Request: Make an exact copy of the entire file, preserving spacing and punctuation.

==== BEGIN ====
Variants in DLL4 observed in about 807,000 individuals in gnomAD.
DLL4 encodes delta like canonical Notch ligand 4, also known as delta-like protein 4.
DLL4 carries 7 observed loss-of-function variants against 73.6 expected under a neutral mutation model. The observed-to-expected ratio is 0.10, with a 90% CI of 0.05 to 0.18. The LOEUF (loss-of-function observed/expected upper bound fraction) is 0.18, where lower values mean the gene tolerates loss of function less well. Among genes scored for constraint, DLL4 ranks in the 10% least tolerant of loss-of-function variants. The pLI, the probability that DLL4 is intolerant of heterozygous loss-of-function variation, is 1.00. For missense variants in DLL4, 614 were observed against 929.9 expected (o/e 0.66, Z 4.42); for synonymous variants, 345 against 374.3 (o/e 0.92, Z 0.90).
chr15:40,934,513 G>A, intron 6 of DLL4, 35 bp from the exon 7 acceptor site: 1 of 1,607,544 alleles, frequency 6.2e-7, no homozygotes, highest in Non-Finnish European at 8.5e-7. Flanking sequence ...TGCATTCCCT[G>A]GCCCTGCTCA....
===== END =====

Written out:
Variants in DLL4 observed in about 807,000 individuals in gnomAD.
DLL4 encodes delta like canonical Notch ligand 4, also known as delta-like protein 4.
DLL4 carries 7 observed loss-of-function variants against 73.6 expected under a neutral mutation model. The observed-to-expected ratio is 0.10, with a 90% CI of 0.05 to 0.18. The LOEUF (loss-of-function observed/expected upper bound fraction) is 0.18, where lower values mean the gene tolerates loss of function less well. Among genes scored for constraint, DLL4 ranks in the 10% least tolerant of loss-of-function variants. The pLI, the probability that DLL4 is intolerant of heterozygous loss-of-function variation, is 1.00. For missense variants in DLL4, 614 were observed against 929.9 expected (o/e 0.66, Z 4.42); for synonymous variants, 345 against 374.3 (o/e 0.92, Z 0.90).
chr15:40,934,513 G>A, intron 6 of DLL4, 35 bp from the exon 7 acceptor site: 1 of 1,607,544 alleles, frequency 6.2e-7, no homozygotes, highest in Non-Finnish European at 8.5e-7. Flanking sequence ...TGCATTCCCT[G>A]GCCCTGCTCA....